In 1929, Idola Saint-Jean appeared before the Dorion Commission, established to examine the issue of women’s civil rights in Québec (see Women and the Law). The commission’s report was tabled on 15 February 1930. The reforms that it led to were relatively minor but still represented progress for the women's movement: the requirement for the husband’s authorization in cases of separation of movable property was dropped; the legal age at which girls could marry was raised to 16 from 14; and women were allowed to serve as witnesses when wills were notarized.
First Female Candidate in a Federal Election Race in Québec
In 1930, Idola Saint-Jean ran as the Independent Liberal candidate for federal Member of Parliament in the riding of Montréal-Dorion-Saint-Denis. Well aware that she had little chance of actually winning the election, she used her candidacy as a forum for promoting women’s suffrage, and she ended up receiving an impressive 3,000 votes.
Saint-Jean communicated her ideas about social justice through radio broadcasts, recommendations, briefs, letters, lectures and demonstrations. In 1929, she began writing a bilingual column for the Montreal Herald, and in 1933 she founded the magazine La Sphère féminine. She saw feminism as a worldwide movement that no person and no force could halt. In 1935, she sent King George V a petition with 10,000 signatures in support of women’s suffrage.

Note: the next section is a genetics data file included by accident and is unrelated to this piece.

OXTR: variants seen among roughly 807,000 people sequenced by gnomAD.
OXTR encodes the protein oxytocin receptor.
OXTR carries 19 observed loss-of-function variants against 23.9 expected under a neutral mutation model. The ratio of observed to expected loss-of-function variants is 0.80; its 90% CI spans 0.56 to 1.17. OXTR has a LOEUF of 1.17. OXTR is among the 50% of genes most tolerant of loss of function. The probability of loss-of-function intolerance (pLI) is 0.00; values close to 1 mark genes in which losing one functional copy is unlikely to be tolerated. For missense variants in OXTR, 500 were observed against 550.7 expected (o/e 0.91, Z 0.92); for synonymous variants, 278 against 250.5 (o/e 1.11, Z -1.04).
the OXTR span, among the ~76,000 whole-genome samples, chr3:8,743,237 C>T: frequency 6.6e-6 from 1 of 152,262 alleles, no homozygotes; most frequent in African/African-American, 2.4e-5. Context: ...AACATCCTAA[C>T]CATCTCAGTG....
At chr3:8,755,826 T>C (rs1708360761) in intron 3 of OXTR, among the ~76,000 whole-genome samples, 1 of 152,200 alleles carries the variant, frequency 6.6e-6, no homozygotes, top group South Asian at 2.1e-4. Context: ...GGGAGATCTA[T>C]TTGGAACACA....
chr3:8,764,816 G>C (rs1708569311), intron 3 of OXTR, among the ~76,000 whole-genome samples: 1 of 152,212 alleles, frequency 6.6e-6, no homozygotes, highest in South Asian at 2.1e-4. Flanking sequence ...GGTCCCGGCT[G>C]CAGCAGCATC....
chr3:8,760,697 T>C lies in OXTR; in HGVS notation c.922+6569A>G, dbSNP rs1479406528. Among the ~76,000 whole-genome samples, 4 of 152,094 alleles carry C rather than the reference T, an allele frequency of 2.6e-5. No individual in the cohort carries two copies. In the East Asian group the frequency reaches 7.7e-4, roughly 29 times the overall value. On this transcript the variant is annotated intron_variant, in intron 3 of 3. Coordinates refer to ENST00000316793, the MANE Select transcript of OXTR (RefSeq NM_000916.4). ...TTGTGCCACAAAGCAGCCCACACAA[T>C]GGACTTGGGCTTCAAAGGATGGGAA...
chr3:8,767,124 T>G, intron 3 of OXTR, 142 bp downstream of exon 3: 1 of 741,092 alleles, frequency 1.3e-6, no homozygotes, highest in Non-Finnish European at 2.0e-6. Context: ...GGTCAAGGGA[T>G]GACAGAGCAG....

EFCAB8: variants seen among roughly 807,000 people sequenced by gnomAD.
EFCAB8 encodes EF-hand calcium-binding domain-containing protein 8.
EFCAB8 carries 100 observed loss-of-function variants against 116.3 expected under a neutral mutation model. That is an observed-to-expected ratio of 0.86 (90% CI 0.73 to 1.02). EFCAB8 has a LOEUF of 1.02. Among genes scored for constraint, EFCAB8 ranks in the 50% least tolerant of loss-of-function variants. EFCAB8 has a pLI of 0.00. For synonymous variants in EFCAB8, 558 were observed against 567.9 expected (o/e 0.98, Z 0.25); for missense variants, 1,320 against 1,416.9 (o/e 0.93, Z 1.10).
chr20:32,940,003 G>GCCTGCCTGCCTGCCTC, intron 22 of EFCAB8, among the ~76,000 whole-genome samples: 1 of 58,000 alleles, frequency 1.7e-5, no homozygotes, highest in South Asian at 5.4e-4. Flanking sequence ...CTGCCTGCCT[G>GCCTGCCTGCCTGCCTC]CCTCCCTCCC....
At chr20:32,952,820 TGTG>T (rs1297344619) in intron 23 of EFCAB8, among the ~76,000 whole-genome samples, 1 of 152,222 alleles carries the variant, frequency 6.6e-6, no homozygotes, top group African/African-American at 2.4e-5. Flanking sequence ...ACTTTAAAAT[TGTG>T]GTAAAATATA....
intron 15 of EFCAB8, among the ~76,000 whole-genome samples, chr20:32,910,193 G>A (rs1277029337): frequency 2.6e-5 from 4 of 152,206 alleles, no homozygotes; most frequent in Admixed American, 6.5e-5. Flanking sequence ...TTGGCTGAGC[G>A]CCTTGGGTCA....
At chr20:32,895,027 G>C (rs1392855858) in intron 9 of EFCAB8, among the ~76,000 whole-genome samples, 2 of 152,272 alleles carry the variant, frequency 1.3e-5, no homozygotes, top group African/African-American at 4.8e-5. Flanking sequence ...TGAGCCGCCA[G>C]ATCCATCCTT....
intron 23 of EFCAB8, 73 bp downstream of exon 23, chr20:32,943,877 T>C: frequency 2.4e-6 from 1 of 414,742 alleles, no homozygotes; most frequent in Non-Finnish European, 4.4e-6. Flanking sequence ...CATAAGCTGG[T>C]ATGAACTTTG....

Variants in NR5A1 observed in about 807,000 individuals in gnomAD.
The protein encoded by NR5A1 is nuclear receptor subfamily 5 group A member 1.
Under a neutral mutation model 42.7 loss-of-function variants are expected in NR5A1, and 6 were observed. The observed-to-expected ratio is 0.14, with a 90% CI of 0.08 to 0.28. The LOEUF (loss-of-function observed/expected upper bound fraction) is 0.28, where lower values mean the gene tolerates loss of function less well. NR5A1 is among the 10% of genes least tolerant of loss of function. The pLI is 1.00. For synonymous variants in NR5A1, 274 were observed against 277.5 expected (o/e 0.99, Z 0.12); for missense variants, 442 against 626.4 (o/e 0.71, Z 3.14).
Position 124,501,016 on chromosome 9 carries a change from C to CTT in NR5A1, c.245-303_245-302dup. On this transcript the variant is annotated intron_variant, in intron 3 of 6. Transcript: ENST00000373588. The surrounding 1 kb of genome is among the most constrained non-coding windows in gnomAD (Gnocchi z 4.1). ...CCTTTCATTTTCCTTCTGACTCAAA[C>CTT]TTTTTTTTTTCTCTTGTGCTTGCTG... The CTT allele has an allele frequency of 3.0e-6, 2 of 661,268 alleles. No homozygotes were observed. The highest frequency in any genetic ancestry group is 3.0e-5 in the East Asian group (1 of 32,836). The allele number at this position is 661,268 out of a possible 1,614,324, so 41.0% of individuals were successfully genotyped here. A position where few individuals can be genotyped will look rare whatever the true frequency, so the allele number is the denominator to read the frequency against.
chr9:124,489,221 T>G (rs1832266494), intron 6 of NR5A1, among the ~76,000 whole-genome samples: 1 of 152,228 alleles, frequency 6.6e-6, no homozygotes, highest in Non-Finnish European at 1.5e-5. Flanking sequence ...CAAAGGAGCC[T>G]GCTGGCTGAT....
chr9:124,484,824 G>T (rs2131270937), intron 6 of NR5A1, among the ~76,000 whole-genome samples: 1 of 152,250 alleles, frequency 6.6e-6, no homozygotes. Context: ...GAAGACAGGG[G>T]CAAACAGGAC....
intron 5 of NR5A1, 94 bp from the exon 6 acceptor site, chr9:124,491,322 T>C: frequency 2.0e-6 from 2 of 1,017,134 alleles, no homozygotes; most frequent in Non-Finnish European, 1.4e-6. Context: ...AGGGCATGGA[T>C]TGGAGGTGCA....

On 25 April 1940, thanks to the tireless efforts of women activists such as Idola Saint-Jean, the women of Québec finally obtained the right to vote in provincial elections. At the Quebec Liberal Party convention of 1938, with the support of some 40 women delegates, Thérèse Casgrain, then vice-president of the Liberal Women’s Club of Canada, had succeeded in getting this issue included in the party’s platform. Once this party came to power in 1939, the government of Adélard Godbout granted women the right to vote and to run for office provincially, despite the open opposition of Cardinal Jean-Marie-Rodrigue Villeneuve. Thus Thérèse Casgrain’s social network helped to open the doors of power to Québec women suffragists, while Idola Saint-Jean’s talents as an organizer and orator galvanized the women’s movement as never before.